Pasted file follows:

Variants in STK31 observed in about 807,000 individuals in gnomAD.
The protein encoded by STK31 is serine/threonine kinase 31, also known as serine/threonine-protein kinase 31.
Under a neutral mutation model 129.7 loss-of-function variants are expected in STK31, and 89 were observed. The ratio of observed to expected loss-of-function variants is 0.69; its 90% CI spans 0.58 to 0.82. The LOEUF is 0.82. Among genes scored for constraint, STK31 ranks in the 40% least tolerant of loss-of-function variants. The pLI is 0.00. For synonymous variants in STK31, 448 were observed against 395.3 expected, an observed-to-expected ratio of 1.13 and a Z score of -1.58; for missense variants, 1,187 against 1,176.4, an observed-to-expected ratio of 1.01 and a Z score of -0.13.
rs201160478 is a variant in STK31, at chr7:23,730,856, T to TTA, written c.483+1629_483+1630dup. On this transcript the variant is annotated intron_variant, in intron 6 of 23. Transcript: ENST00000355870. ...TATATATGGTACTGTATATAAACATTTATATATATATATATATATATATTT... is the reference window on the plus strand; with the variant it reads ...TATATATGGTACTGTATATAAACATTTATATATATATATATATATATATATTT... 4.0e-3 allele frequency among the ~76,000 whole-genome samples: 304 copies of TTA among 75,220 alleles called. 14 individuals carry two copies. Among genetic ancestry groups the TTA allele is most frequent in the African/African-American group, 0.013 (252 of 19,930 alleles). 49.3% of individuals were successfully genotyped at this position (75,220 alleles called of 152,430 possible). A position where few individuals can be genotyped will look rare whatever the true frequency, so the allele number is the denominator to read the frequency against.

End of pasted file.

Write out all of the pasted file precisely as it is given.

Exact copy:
Variants in STK31 observed in about 807,000 individuals in gnomAD.
The protein encoded by STK31 is serine/threonine kinase 31, also known as serine/threonine-protein kinase 31.
Under a neutral mutation model 129.7 loss-of-function variants are expected in STK31, and 89 were observed. The ratio of observed to expected loss-of-function variants is 0.69; its 90% CI spans 0.58 to 0.82. The LOEUF is 0.82. Among genes scored for constraint, STK31 ranks in the 40% least tolerant of loss-of-function variants. The pLI is 0.00. For synonymous variants in STK31, 448 were observed against 395.3 expected, an observed-to-expected ratio of 1.13 and a Z score of -1.58; for missense variants, 1,187 against 1,176.4, an observed-to-expected ratio of 1.01 and a Z score of -0.13.
rs201160478 is a variant in STK31, at chr7:23,730,856, T to TTA, written c.483+1629_483+1630dup. On this transcript the variant is annotated intron_variant, in intron 6 of 23. Transcript: ENST00000355870. ...TATATATGGTACTGTATATAAACATTTATATATATATATATATATATATTT... is the reference window on the plus strand; with the variant it reads ...TATATATGGTACTGTATATAAACATTTATATATATATATATATATATATATTT... 4.0e-3 allele frequency among the ~76,000 whole-genome samples: 304 copies of TTA among 75,220 alleles called. 14 individuals carry two copies. Among genetic ancestry groups the TTA allele is most frequent in the African/African-American group, 0.013 (252 of 19,930 alleles). 49.3% of individuals were successfully genotyped at this position (75,220 alleles called of 152,430 possible). A position where few individuals can be genotyped will look rare whatever the true frequency, so the allele number is the denominator to read the frequency against.